What is Christmas Stollen?
This Christmas Stollen with Rum Glaze is worth repeating year after year. It’s a dense, yeasted bread studded with rum-soaked dried fruit. It gets a blanketing of powdered sugar to remind us of the snowy German landscape. Yes, please. It makes an ideal Christmas morning breakfast.
Where did Christmas Stollen come from?
Stollen is of German origins, and it dates back to the 14th century. Butter and sugar were precious commodities, so I think ours must be far superior to the dry cake it must have been back then. All over Germany and surrounding parts, people gift delicious loaves of Stollen every Christmas.
How do you make Stollen?
I got the recipe inspiration from Slate and customized it to what we had in the pantry (and liquor cabinet.) First, you let a cupful of chopped, dried fruit of your choice macerate in some brandy,
It may seem like an odd choice of fruit, but I had a tropical fruit salad mix in the pantry. I’m a big fan of using what you have. Plus, the assortment of colors was divine.
I let the fruit sit in the rum overnight. The next morning, I started on the dough–a mixture of sugar, butter, flour, yeast, whole milk, eggs, lemon zest, vanilla extract, and spices like ginger and cinnamon. After that, I let the dough rise once for a few hours. Then, I mixed it with the fruit, shaped it into loaves, and then let the individual loaves rise once again. The loaves quickly bake in about 30 minutes (depending on the size of your loaves.)
With 3 tablespoons of the leftover rum from the fruit-soaking, I made a glaze. I combined the rum with 1 cup of powdered sugar and the juice of half of a lemon. I drizzled this over two of the warm loaves after they came out of the oven. Likewise, the other two loaves I sprinkled gingered sugar over and then dusted them with confectioner’s sugar. After they dried, I covered all four of them in a generous dusting of powdered sugar.
If you wrap them tightly, the stollen should keep over a week or more. And what’s even more amazing is that stollen tastes even better after a few days. I made four small loaves from this recipe and varied the toppings.
Christmas Stollen with Rum Glaze
Although it takes some time, this Christmas stollen, a dense yeasted cake is worth every minute, is redolent with rum-soaked fruit and a hint of lemon zest. It's the best accompaniment for coffee on Christmas morning.
- 1/4 cup golden raisins
- 1/4 cup dried cranberries
- 1/2 cup dried fruit papaya, mango, kiwi, apricots, pears, etc
- 1 cup rum
- 1½ cups butter divided
- ⅓ cup whole milk
- 4 cups flour all purpose
- 1 cup sugar divided
- 1 lemon zested
- 1 1/4 ounce packet active dry yeast
- 2 teaspoons ground ginger divided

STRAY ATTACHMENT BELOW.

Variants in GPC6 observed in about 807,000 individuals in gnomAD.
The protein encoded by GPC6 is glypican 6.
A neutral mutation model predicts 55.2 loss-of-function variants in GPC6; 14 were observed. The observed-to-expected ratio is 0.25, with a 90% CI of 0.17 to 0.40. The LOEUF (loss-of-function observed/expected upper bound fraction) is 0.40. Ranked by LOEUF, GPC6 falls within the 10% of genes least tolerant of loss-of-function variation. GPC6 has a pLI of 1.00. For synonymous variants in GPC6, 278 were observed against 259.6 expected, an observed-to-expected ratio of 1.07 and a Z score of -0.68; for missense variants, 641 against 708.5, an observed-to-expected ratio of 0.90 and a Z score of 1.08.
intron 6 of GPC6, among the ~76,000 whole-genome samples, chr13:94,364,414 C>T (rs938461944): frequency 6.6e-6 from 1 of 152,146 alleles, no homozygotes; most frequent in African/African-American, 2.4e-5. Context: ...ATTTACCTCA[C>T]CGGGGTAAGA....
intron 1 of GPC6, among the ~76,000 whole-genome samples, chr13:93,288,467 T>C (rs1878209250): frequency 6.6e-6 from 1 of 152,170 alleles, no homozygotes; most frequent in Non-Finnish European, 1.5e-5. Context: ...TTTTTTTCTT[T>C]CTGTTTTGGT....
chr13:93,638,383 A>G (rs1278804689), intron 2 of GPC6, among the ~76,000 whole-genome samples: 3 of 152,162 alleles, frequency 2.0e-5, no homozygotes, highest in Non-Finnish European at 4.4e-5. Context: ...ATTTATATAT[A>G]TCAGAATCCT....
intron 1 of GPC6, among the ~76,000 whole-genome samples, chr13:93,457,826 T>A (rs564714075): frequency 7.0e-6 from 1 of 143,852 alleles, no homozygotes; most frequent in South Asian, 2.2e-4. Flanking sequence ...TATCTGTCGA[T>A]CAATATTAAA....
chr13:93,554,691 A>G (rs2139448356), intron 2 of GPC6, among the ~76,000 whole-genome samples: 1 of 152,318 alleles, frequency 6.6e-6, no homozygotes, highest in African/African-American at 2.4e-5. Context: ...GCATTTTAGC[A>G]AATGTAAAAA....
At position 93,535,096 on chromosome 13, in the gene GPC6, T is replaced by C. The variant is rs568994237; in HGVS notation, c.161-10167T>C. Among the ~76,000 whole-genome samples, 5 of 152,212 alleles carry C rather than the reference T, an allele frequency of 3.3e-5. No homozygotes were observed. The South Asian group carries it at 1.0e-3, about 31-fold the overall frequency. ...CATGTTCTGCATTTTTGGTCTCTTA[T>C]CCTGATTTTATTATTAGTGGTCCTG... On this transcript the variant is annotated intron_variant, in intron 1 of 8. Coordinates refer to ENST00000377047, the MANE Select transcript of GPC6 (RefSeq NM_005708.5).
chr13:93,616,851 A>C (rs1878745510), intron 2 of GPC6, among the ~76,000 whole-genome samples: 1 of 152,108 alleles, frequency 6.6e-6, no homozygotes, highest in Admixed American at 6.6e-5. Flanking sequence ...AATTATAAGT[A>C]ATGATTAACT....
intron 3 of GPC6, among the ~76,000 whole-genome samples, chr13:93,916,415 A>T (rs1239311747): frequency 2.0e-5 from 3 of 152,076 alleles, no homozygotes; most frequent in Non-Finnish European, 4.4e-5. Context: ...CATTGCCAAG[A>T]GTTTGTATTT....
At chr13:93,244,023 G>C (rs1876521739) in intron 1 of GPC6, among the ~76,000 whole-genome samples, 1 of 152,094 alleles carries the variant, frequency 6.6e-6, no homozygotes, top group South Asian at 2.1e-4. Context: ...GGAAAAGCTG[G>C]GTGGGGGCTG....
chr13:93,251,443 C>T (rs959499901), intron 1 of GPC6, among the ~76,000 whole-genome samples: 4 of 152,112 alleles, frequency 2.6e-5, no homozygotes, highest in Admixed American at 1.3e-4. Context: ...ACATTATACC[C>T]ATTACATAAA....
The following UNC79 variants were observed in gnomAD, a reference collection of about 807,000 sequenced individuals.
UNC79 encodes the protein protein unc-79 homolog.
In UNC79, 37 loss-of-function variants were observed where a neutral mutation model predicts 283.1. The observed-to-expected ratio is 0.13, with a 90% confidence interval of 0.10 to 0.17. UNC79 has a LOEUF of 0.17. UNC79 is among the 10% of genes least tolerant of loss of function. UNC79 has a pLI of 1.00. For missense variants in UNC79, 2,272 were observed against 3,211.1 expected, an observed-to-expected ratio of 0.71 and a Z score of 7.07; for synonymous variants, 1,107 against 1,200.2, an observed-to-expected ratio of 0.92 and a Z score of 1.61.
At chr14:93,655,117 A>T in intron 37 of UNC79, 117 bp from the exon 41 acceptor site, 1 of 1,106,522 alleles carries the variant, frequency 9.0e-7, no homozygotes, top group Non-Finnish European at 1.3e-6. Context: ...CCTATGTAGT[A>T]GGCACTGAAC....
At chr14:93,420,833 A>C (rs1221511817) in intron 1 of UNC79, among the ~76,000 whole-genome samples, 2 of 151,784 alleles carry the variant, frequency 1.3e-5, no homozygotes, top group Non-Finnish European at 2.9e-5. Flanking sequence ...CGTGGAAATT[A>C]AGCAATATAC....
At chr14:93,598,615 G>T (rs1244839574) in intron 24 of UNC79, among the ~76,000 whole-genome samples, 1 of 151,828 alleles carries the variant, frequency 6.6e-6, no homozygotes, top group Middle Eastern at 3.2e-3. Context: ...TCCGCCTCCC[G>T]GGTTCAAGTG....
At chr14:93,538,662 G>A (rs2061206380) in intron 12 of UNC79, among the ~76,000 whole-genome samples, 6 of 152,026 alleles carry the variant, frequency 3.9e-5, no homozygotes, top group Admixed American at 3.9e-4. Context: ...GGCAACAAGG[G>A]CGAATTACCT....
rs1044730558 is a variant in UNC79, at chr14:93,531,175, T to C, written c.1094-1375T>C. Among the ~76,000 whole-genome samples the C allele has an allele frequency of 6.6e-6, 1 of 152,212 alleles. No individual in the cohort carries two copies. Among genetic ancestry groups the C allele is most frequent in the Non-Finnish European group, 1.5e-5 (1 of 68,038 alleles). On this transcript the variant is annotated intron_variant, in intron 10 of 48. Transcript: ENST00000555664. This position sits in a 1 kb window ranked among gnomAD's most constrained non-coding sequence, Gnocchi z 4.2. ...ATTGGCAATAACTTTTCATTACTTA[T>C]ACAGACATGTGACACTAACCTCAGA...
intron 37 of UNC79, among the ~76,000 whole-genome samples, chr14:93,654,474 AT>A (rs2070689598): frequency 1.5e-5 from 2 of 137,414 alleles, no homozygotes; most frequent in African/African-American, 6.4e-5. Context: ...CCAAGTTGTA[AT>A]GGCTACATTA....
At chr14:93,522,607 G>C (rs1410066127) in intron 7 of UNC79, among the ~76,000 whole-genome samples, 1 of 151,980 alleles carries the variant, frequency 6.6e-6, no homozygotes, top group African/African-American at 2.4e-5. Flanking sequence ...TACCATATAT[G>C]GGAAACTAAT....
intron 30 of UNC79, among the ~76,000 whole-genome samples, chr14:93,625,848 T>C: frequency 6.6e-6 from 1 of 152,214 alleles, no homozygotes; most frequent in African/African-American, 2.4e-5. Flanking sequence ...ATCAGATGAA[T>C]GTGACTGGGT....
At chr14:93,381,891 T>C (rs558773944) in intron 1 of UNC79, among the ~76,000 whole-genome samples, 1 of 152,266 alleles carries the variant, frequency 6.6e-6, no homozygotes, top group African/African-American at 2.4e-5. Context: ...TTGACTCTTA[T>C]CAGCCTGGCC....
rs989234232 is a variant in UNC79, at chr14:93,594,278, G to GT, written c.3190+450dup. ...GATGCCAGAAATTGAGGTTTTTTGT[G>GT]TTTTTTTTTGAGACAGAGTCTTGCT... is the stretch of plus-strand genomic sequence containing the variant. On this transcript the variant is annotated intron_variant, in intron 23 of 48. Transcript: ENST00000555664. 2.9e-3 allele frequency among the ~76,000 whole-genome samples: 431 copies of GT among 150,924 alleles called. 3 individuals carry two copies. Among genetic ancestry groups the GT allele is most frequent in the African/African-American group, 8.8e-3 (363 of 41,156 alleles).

- 1 teaspoon ground cinnamon
- 1 teaspoon salt
- 2 eggs large
- 1 teaspoon vanilla extract
- Oil or butter for greasing the bowl and baking sheet
- 1½ cups powdered sugar
Combine the fruit and rum in a small bowl. Stir to combine, cover, and let sit at room temperature while you make the dough or overnight if time allows.
Combine 2 sticks of the butter and the milk in a microwave-safe bowl and microwave in 30-second intervals until the butter melts). Combine the flour, ¼ cup of the sugar, the zest, the yeast, 1 teaspoon of the ground ginger, the cinnamon, and the salt in a large bowl. When the butter mixture cools to 100°F—it will feel warm but not hot—add it to the flour mixture and stir with the dough-hook attachment of a stand mixer or by hand. Lightly beat together the eggs and vanilla and stir them into the dough.
Knead the dough with the dough-hook attachment of a stand mixer or by hand until it feels smooth and elastic, about 7-10 minutes. Grease a large bowl, add the dough, and turn it over to coat it lightly with oil or butter. Cover the bowl with a clean kitchen towel or plastic wrap, put it in a warm place, and let the dough rise for 2 hours.
Punch down the dough and add the fruit mixture. Knead the dough in the bowl with the dough-hook attachment of a stand mixer or by hand until the fruit is evenly incorporated. (The dough will be sticky.)
Grease a baking sheet and shape the dough, as well as you can, into 2 to 4 long, oval loaves on the baking sheet. Cover the baking sheet with a clean kitchen towel or plastic wrap, put it in a warm place, and let the loaves rise for 1 hour.
Heat the oven to 350°F. Uncover the baking sheet and bake until the loaves are golden brown, about 35 minutes (for smaller loaves) to 1 hour (for larger loaves).
When the stollen is done, melt the remaining 1/2 cup (1 stick) butter in a small saucepan over medium-low heat (or in a microwave-safe bowl in the microwave). Brush the tops and sides of the stollen with the butter while the loaves are still warm.
Combine the remaining ¾ cup sugar and 1 teaspoon ground ginger and sprinkle over the stollen. Cool thoroughly. Sprinkle the powdered sugar all over the stollen, pressing lightly to help it stick. Wrap each loaf in foil or plastic wrap and let sit at room temperature for at least 1 day before serving.